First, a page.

So, I have decided to give up on perfection totally. And, folks, I am feeling really free right now. I no longer ponder about the outcome of anything I do. And after the fact, if something turns out to be a flop, I smile and go onto the next thing. A better philosophy for me is simply to do the next right thing. The next right thing is whatever is on my list. Yes I still make lists, but those just help me remember.

No goals, no resolutions. If today is Tuesday and I have on my list to go to swim at 2:30, I will pack my swimsuit and towel and set it by the door. But if I the toilet gets clogged up and I have to stay home and wait for the plumber, I just choose a different next right thing. Call my cousin Franny. Then I move onto the next right thing.

I can’t imagine that Jesus would be disappointed in me. He understands that I don’t understand what he meant about being perfect. Maybe the translators of the Bible got confused and mixed up his words. Perhaps he really said, “Perfectly be just as the Father and I are being.”

Merry Christmas to All

I have been away for some time due to technical difficulties…my own as well as the cite itself. But things look good for the future, though this page upon which I write my blog for today looks strange indeed. The opening page for the blog looks unfamiliar to me and it is bereft of fanciness, perhaps a sign of my life to come. Just words. No fluff. Simple.

Christmas is upon us. My own family celebrates tomorrow. Our Thanksgiving included most of my son’s family from Colorado. They won’t be with us for Christmas but as the day comes near, a couple of the Minnesota family members may be absent. One Grandson headed out to spend Christmas in Colorado…a first real adventure on his own…my thoughts are with you, Charlie. One grandson is just getting over a week of the flu but his mother is showing signs of getting sick herself. God knows who in the end will show up tomorrow. Those who are supposed to be here, if my spiritual calculations are working.

What matters is where our hearts are. Today my heart is with my loved ones everywhere. We span the world from Boston to Australia, Colorado to St. Louis and here in Minnesota. Friends are in my heart today, too. One whose father went home to his Heavenly Father this past week, another who reached the ripe old age of 89, and all those who journey with me on the spiritual path toward awakening. God is pleased with all, no matter where we are in our journeys.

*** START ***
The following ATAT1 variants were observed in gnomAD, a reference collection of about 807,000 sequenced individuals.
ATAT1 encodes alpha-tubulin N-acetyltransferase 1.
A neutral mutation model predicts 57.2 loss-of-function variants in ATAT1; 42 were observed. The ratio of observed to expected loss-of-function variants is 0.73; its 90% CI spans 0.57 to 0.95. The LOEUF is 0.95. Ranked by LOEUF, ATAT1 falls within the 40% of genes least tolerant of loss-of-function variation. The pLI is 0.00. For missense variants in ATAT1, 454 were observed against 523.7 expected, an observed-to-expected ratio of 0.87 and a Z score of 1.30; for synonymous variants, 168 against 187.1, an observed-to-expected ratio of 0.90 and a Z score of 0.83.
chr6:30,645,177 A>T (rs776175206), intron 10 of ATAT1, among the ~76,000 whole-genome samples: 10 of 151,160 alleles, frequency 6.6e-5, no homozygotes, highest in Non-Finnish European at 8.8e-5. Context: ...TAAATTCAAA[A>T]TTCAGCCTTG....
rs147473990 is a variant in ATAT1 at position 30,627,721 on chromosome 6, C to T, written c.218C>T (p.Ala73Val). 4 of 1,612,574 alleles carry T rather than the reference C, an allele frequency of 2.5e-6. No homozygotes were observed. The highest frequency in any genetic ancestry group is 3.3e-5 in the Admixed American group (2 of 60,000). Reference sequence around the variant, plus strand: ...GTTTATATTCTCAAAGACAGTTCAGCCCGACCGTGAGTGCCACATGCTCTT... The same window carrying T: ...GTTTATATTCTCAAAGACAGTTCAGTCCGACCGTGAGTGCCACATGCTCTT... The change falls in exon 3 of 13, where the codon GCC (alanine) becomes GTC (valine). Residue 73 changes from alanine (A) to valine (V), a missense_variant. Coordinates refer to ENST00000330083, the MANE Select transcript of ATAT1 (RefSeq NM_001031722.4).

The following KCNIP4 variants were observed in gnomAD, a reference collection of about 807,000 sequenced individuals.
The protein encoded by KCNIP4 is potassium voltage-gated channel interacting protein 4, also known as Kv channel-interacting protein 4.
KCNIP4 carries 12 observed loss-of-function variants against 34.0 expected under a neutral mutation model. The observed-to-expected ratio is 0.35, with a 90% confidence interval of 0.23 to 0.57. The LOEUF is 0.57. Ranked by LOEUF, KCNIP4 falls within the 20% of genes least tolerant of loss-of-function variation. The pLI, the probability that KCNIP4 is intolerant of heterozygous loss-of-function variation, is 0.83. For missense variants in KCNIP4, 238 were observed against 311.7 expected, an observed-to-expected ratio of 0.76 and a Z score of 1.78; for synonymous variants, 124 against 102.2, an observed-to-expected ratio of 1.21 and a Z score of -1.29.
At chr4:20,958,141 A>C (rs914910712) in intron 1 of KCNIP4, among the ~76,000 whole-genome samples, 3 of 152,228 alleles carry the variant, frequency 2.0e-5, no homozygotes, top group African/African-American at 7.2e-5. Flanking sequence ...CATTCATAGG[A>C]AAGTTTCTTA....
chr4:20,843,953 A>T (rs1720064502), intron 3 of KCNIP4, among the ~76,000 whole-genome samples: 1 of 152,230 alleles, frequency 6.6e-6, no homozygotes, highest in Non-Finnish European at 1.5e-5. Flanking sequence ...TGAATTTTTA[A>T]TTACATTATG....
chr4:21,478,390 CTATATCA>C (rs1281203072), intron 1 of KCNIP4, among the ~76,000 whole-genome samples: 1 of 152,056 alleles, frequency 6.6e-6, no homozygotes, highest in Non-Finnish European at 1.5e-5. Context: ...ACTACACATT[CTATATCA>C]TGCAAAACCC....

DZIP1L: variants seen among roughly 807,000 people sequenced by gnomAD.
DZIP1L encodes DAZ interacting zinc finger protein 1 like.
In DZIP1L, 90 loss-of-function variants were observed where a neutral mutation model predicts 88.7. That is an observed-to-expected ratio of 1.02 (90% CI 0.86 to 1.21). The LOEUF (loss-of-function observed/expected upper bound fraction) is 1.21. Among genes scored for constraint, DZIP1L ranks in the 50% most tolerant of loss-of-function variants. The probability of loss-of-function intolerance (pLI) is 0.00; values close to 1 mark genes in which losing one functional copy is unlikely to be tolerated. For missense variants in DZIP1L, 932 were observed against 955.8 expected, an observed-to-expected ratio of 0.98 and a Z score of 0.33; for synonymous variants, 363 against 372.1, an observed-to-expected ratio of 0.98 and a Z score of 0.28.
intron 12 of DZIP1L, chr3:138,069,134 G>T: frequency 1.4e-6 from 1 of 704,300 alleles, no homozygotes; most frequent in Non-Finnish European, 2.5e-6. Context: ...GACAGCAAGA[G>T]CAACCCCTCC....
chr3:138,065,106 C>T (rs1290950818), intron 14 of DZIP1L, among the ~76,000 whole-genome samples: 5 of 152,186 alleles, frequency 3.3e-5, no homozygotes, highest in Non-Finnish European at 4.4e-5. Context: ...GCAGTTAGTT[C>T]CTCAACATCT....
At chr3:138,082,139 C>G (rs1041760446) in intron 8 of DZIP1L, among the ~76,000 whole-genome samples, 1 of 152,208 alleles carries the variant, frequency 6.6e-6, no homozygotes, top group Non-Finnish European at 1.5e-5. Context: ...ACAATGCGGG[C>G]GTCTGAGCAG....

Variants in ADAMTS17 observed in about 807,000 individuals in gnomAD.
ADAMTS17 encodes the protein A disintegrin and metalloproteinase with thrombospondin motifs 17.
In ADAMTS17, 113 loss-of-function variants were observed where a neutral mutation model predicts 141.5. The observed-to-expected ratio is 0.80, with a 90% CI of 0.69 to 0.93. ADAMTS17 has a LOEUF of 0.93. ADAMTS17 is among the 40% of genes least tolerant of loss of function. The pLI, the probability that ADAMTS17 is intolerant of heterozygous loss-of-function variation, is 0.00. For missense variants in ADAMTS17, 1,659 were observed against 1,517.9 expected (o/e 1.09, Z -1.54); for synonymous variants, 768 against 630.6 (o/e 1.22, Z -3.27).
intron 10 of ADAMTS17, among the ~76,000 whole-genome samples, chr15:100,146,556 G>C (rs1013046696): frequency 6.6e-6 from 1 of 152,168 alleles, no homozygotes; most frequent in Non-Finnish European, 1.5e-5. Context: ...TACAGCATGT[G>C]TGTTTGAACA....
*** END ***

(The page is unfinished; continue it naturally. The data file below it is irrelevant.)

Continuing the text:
Christmas for me is about Jesus’ message of Peace. Jesus’ idea of peace was so much more than just quietness of heart. It was about relationships that are vulnerable to see the truth about ourselves and to see “that of God” in others. It is about seeing everyone upon the earth as our Brothers and Sisters, equal creations of the Creator who takes delight in each.

Merry Christmas, dear ones.

Return to Pacifism

Watching the news in recent weeks and months, I find myself searching for that small space inside me that once held a faith in pacifism. Today, I felt a hope of renewal as I read a reflection by Richard Rohr. Lately he has been writing about mystics, perhaps for the same reason that I have had this yearning. Today he highlighted Catholic priest and peace activist, John Dear. He quotes Dear in his explanation of what it means to be a pacifist:

“What does it mean to be nonviolent? Coming from the Hindu/Sanskrit word ahimsa, nonviolence was defined long ago as ‘causing no harm, no injury,no violence to any living creature.’ But Mohandas Gandhi insisted that it means much more than that. He said nonviolence was the active, unconditional love toward others, the persistent pursuit of truth, the radical  forgiveness toward those who hurt us, the steadfast resistance to every form of evil, and even the loving willingness to accept suffering in the struggle for justice without the desire for retaliation….”

Rohr suggests another way understand nonviolence by claiming our fundamental identity  as the beloved (children) of the God of peace….This is what Jesus taught: “Blessed are the peacemakers, they shall be called the sons and daughters of God…Love your enemies and pray for your persecutors, then you shall be sons and daughters of the God who makes the sun rise  on the good and the bad, and causes rain to fall on the just and unjust.

If we believe that we are all children of God, then every human being is our sibling, he says, “then we can never hurt anyone on the earth ever again, much less be silent in the face of war, starvation, racism, sexism, nuclear weapons, systemic injustice and environmental destruction…”

When I meditate on the words that Jesus spoke and the life he lived, it baffles me that any acts of violence, ANY harmful acts against other human beings can be justified in his name. I feel the light again, a tiny flame now, but I hope that in finding others who believe in peace as a way of life, it will burn brightly once again.